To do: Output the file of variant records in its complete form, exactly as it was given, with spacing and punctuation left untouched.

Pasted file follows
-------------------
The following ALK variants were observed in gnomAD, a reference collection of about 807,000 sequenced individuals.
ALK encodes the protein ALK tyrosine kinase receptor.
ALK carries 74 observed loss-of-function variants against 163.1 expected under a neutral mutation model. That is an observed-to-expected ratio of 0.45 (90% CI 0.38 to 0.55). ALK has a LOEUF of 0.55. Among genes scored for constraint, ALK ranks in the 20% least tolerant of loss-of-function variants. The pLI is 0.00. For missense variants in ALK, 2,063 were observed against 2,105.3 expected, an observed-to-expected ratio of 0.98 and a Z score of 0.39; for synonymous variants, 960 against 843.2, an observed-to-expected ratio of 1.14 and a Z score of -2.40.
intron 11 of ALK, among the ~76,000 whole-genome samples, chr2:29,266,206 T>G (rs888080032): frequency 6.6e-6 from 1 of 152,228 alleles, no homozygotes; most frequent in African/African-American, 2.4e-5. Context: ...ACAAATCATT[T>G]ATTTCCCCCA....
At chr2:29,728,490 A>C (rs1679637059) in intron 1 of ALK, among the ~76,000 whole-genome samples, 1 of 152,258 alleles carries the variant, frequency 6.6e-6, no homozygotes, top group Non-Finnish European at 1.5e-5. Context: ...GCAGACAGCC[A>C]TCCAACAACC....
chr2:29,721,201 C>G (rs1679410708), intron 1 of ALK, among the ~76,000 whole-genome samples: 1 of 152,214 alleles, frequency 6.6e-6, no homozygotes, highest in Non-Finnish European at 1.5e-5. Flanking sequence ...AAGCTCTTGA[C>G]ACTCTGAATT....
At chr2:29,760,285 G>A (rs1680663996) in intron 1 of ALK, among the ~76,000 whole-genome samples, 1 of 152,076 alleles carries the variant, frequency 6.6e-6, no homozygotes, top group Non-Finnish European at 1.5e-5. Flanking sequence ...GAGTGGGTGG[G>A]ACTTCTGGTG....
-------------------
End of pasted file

The following ALK variants were observed in gnomAD, a reference collection of about 807,000 sequenced individuals.
ALK encodes the protein ALK tyrosine kinase receptor.
ALK carries 74 observed loss-of-function variants against 163.1 expected under a neutral mutation model. That is an observed-to-expected ratio of 0.45 (90% CI 0.38 to 0.55). ALK has a LOEUF of 0.55. Among genes scored for constraint, ALK ranks in the 20% least tolerant of loss-of-function variants. The pLI is 0.00. For missense variants in ALK, 2,063 were observed against 2,105.3 expected, an observed-to-expected ratio of 0.98 and a Z score of 0.39; for synonymous variants, 960 against 843.2, an observed-to-expected ratio of 1.14 and a Z score of -2.40.
intron 11 of ALK, among the ~76,000 whole-genome samples, chr2:29,266,206 T>G (rs888080032): frequency 6.6e-6 from 1 of 152,228 alleles, no homozygotes; most frequent in African/African-American, 2.4e-5. Context: ...ACAAATCATT[T>G]ATTTCCCCCA....
At chr2:29,728,490 A>C (rs1679637059) in intron 1 of ALK, among the ~76,000 whole-genome samples, 1 of 152,258 alleles carries the variant, frequency 6.6e-6, no homozygotes, top group Non-Finnish European at 1.5e-5. Context: ...GCAGACAGCC[A>C]TCCAACAACC....
chr2:29,721,201 C>G (rs1679410708), intron 1 of ALK, among the ~76,000 whole-genome samples: 1 of 152,214 alleles, frequency 6.6e-6, no homozygotes, highest in Non-Finnish European at 1.5e-5. Flanking sequence ...AAGCTCTTGA[C>G]ACTCTGAATT....
At chr2:29,760,285 G>A (rs1680663996) in intron 1 of ALK, among the ~76,000 whole-genome samples, 1 of 152,076 alleles carries the variant, frequency 6.6e-6, no homozygotes, top group Non-Finnish European at 1.5e-5. Flanking sequence ...GAGTGGGTGG[G>A]ACTTCTGGTG....